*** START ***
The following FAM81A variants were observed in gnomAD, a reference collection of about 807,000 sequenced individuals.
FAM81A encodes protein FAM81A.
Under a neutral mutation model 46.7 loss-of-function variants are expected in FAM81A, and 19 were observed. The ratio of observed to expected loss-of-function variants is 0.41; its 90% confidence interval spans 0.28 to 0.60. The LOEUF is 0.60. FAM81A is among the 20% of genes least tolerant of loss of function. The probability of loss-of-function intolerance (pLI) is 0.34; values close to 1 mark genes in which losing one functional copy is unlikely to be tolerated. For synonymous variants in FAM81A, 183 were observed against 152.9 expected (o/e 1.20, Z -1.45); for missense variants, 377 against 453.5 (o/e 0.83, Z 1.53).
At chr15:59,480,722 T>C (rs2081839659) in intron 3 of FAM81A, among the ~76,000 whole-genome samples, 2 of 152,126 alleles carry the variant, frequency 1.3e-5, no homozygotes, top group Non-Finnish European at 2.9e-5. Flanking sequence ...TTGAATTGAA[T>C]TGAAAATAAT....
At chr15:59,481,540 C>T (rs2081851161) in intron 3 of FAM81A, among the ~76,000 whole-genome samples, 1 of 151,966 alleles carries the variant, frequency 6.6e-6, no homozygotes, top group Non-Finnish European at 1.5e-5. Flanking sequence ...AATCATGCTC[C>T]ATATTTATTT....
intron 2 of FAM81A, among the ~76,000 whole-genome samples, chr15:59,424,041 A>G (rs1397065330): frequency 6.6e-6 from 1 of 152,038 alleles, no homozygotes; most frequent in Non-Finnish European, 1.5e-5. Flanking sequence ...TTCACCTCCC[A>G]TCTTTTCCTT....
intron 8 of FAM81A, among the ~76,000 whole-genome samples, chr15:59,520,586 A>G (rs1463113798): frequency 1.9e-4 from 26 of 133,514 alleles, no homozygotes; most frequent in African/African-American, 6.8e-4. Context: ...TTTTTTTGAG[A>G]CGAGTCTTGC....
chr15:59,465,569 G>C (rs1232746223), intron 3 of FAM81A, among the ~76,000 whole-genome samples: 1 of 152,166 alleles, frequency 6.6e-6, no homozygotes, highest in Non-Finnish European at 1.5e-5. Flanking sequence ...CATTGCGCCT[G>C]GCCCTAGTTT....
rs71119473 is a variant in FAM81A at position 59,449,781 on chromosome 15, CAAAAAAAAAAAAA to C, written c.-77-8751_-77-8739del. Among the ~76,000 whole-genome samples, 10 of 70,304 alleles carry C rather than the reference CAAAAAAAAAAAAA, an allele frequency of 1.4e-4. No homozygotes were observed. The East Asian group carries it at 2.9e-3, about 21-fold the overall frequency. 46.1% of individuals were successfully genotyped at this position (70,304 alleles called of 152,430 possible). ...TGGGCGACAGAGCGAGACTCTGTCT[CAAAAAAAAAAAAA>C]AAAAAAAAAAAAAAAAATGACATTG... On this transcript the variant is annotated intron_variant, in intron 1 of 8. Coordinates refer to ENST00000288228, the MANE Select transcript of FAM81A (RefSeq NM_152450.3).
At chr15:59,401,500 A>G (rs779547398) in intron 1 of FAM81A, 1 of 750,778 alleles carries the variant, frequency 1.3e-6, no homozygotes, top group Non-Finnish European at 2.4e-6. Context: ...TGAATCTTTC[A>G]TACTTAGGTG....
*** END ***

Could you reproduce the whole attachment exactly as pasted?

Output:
The following FAM81A variants were observed in gnomAD, a reference collection of about 807,000 sequenced individuals.
FAM81A encodes protein FAM81A.
Under a neutral mutation model 46.7 loss-of-function variants are expected in FAM81A, and 19 were observed. The ratio of observed to expected loss-of-function variants is 0.41; its 90% confidence interval spans 0.28 to 0.60. The LOEUF is 0.60. FAM81A is among the 20% of genes least tolerant of loss of function. The probability of loss-of-function intolerance (pLI) is 0.34; values close to 1 mark genes in which losing one functional copy is unlikely to be tolerated. For synonymous variants in FAM81A, 183 were observed against 152.9 expected (o/e 1.20, Z -1.45); for missense variants, 377 against 453.5 (o/e 0.83, Z 1.53).
At chr15:59,480,722 T>C (rs2081839659) in intron 3 of FAM81A, among the ~76,000 whole-genome samples, 2 of 152,126 alleles carry the variant, frequency 1.3e-5, no homozygotes, top group Non-Finnish European at 2.9e-5. Flanking sequence ...TTGAATTGAA[T>C]TGAAAATAAT....
At chr15:59,481,540 C>T (rs2081851161) in intron 3 of FAM81A, among the ~76,000 whole-genome samples, 1 of 151,966 alleles carries the variant, frequency 6.6e-6, no homozygotes, top group Non-Finnish European at 1.5e-5. Flanking sequence ...AATCATGCTC[C>T]ATATTTATTT....
intron 2 of FAM81A, among the ~76,000 whole-genome samples, chr15:59,424,041 A>G (rs1397065330): frequency 6.6e-6 from 1 of 152,038 alleles, no homozygotes; most frequent in Non-Finnish European, 1.5e-5. Flanking sequence ...TTCACCTCCC[A>G]TCTTTTCCTT....
intron 8 of FAM81A, among the ~76,000 whole-genome samples, chr15:59,520,586 A>G (rs1463113798): frequency 1.9e-4 from 26 of 133,514 alleles, no homozygotes; most frequent in African/African-American, 6.8e-4. Context: ...TTTTTTTGAG[A>G]CGAGTCTTGC....
chr15:59,465,569 G>C (rs1232746223), intron 3 of FAM81A, among the ~76,000 whole-genome samples: 1 of 152,166 alleles, frequency 6.6e-6, no homozygotes, highest in Non-Finnish European at 1.5e-5. Flanking sequence ...CATTGCGCCT[G>C]GCCCTAGTTT....
rs71119473 is a variant in FAM81A at position 59,449,781 on chromosome 15, CAAAAAAAAAAAAA to C, written c.-77-8751_-77-8739del. Among the ~76,000 whole-genome samples, 10 of 70,304 alleles carry C rather than the reference CAAAAAAAAAAAAA, an allele frequency of 1.4e-4. No homozygotes were observed. The East Asian group carries it at 2.9e-3, about 21-fold the overall frequency. 46.1% of individuals were successfully genotyped at this position (70,304 alleles called of 152,430 possible). ...TGGGCGACAGAGCGAGACTCTGTCT[CAAAAAAAAAAAAA>C]AAAAAAAAAAAAAAAAATGACATTG... On this transcript the variant is annotated intron_variant, in intron 1 of 8. Coordinates refer to ENST00000288228, the MANE Select transcript of FAM81A (RefSeq NM_152450.3).
At chr15:59,401,500 A>G (rs779547398) in intron 1 of FAM81A, 1 of 750,778 alleles carries the variant, frequency 1.3e-6, no homozygotes, top group Non-Finnish European at 2.4e-6. Context: ...TGAATCTTTC[A>G]TACTTAGGTG....